I mislaid my black book, that record of daily lists, promises to call back, banking details, phone numbers and reminders.
I use it sporadically so it took a while to notice it was finally gone, not just misplaced. If I were systematic and kept meticulous records it would have been in its place.
Grandchildren laugh at my Granny’s Rule: put it back. Mostly I do so, but exceptions send me spiralling. Self-esteem plummets as search frenzy soars.
Small things overwhelmed me this week. So many needs on multiple fronts scattered my efforts and frayed calmness. Which of these demands need I respond to, and who is putting them on me anyway? Which ones can go down the list, or off it all together?
I am overcome with angst, and over sensitive to the world news, parliamentary humbug and Australia’s inhumane actions; I am irritated by loud conversation, advertisements and barking dogs?
And there it was, my black book carefully stashed, but dammit, why there? I fell upon its lists to restore order in a stretched life, making a pact to use it religiously, order my actions within a structure, liberate my life and recover a sense of humour?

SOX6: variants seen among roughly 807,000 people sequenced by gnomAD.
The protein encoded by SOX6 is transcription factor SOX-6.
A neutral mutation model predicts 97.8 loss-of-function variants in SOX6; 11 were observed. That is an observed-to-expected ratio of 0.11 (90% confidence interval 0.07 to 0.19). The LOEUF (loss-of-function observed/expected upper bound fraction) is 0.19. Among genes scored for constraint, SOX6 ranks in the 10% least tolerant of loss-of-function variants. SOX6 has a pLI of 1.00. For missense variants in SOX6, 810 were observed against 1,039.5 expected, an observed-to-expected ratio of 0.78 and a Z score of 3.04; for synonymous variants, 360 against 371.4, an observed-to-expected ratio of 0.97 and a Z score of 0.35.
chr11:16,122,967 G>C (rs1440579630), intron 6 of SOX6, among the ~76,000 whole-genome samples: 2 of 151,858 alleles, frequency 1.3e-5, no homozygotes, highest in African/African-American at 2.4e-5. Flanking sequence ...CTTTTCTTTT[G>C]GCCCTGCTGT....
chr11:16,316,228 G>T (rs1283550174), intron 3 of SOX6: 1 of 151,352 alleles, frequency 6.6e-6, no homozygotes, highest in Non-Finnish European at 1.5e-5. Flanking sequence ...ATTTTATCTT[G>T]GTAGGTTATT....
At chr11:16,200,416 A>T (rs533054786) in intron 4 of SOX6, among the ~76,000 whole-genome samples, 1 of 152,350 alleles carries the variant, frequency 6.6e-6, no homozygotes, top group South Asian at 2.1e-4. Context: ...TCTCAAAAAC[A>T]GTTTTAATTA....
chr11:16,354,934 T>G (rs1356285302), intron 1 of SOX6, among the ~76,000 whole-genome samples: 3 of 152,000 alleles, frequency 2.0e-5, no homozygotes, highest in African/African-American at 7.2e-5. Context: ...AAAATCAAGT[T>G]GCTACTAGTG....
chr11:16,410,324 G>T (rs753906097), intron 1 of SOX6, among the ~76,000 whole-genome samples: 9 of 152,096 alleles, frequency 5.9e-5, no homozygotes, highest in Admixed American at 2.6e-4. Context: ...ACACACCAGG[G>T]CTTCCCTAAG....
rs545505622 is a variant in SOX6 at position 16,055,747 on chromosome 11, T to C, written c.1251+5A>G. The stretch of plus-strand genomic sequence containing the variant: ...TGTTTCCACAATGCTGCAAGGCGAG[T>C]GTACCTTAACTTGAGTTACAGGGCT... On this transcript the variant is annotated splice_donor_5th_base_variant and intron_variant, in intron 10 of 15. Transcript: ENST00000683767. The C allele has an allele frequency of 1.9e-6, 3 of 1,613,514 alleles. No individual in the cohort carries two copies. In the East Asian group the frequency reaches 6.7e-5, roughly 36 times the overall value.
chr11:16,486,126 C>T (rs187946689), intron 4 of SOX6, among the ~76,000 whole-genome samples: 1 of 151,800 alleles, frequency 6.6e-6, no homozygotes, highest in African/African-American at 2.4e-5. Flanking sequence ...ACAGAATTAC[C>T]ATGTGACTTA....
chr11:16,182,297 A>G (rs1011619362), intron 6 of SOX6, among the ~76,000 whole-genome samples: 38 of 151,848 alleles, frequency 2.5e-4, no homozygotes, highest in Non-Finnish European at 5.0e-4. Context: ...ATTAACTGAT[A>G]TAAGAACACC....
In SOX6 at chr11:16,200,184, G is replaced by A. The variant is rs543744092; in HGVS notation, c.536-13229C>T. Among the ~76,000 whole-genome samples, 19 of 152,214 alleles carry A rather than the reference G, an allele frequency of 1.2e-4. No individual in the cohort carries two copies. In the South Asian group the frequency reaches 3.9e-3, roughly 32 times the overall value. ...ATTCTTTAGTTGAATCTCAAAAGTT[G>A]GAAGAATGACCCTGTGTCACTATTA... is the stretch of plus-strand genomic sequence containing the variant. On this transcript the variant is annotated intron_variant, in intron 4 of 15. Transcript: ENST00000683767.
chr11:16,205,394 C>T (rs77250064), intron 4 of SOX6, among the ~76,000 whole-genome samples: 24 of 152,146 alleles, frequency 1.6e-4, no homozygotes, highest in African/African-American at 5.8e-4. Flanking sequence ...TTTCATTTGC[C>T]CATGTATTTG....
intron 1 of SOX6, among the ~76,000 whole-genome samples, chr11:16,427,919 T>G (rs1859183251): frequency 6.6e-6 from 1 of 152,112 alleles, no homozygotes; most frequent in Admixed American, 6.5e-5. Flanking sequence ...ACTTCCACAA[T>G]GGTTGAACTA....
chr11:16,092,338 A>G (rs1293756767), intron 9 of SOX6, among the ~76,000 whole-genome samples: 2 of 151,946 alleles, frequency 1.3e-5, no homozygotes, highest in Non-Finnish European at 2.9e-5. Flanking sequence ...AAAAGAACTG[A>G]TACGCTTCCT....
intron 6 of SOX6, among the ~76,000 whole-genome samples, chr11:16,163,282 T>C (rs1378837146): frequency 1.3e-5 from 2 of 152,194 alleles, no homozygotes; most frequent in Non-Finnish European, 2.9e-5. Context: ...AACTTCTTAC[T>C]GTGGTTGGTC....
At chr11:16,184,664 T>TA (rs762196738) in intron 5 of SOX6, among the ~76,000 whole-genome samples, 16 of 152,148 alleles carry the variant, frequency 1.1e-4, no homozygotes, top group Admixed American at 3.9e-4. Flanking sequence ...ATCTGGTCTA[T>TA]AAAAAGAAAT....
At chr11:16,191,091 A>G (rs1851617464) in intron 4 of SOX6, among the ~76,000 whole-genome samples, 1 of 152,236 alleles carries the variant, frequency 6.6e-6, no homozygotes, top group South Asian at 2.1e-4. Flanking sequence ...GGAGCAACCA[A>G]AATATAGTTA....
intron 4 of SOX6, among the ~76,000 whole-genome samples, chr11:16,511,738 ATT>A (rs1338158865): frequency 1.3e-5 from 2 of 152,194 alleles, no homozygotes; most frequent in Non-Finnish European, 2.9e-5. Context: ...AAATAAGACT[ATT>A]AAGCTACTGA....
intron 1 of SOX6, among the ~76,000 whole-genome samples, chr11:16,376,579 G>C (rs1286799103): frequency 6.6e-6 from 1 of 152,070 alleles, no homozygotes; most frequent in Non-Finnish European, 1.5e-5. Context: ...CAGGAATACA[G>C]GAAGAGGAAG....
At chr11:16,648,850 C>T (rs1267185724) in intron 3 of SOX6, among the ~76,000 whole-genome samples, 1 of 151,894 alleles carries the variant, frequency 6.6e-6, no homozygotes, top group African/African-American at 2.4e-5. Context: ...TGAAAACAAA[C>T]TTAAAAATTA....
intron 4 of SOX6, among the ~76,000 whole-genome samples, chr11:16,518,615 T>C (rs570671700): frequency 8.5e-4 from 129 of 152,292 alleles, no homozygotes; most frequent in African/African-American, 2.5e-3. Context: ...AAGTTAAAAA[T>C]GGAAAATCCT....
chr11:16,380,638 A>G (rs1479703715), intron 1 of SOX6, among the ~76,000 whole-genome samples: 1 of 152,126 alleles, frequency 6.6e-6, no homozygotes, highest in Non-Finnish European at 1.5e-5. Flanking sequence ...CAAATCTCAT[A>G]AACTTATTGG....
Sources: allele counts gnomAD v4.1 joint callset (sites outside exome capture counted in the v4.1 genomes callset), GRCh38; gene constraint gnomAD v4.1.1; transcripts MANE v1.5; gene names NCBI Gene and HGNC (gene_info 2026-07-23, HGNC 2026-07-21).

With anxiety lessened, life is calmer as I control reactions, choose what to change or filter out, and stop beating myself up. Lists help me sort priorities, stop me worrying about forgetting, keep me organised, more grounded and yes, more creative too.
The process of listing jostles things into perspective, reveals gaps between the listed actions and spaces to seize for time out. As I make decisions to let go things that don’t matter, I unconsciously tap into inner resources. Stay close little book, to dampen my anxiety, give me a do-able plan and the deep satisfaction of crossing completed things off lists.
Lorraine McLoughlin is an author with community ties to the Fleurieu Coast. For more see www.fitzmcl.com.